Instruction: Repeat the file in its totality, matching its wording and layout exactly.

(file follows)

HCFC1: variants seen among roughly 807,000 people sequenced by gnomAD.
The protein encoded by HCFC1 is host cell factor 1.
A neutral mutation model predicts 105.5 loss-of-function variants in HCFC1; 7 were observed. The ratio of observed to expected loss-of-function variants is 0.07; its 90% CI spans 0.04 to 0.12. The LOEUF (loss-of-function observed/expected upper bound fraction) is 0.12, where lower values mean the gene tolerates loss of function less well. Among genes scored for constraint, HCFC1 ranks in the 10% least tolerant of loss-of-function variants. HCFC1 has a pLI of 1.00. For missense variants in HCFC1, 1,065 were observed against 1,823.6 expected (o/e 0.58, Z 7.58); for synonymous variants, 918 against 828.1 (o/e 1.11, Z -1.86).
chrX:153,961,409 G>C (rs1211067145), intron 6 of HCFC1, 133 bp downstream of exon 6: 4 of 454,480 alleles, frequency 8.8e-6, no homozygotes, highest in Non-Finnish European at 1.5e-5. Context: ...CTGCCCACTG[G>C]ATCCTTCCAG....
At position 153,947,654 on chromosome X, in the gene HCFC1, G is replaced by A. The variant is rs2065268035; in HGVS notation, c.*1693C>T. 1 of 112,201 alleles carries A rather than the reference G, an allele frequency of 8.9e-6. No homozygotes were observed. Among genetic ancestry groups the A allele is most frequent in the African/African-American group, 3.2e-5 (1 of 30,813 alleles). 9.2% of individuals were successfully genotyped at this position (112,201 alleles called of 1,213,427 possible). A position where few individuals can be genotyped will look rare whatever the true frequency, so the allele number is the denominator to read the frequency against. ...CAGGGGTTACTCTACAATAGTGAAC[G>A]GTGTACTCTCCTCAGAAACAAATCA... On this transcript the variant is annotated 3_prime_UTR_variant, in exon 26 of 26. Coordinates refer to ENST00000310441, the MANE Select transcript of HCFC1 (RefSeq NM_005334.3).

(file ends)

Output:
HCFC1: variants seen among roughly 807,000 people sequenced by gnomAD.
The protein encoded by HCFC1 is host cell factor 1.
A neutral mutation model predicts 105.5 loss-of-function variants in HCFC1; 7 were observed. The ratio of observed to expected loss-of-function variants is 0.07; its 90% CI spans 0.04 to 0.12. The LOEUF (loss-of-function observed/expected upper bound fraction) is 0.12, where lower values mean the gene tolerates loss of function less well. Among genes scored for constraint, HCFC1 ranks in the 10% least tolerant of loss-of-function variants. HCFC1 has a pLI of 1.00. For missense variants in HCFC1, 1,065 were observed against 1,823.6 expected (o/e 0.58, Z 7.58); for synonymous variants, 918 against 828.1 (o/e 1.11, Z -1.86).
chrX:153,961,409 G>C (rs1211067145), intron 6 of HCFC1, 133 bp downstream of exon 6: 4 of 454,480 alleles, frequency 8.8e-6, no homozygotes, highest in Non-Finnish European at 1.5e-5. Context: ...CTGCCCACTG[G>C]ATCCTTCCAG....
At position 153,947,654 on chromosome X, in the gene HCFC1, G is replaced by A. The variant is rs2065268035; in HGVS notation, c.*1693C>T. 1 of 112,201 alleles carries A rather than the reference G, an allele frequency of 8.9e-6. No homozygotes were observed. Among genetic ancestry groups the A allele is most frequent in the African/African-American group, 3.2e-5 (1 of 30,813 alleles). 9.2% of individuals were successfully genotyped at this position (112,201 alleles called of 1,213,427 possible). A position where few individuals can be genotyped will look rare whatever the true frequency, so the allele number is the denominator to read the frequency against. ...CAGGGGTTACTCTACAATAGTGAAC[G>A]GTGTACTCTCCTCAGAAACAAATCA... On this transcript the variant is annotated 3_prime_UTR_variant, in exon 26 of 26. Coordinates refer to ENST00000310441, the MANE Select transcript of HCFC1 (RefSeq NM_005334.3).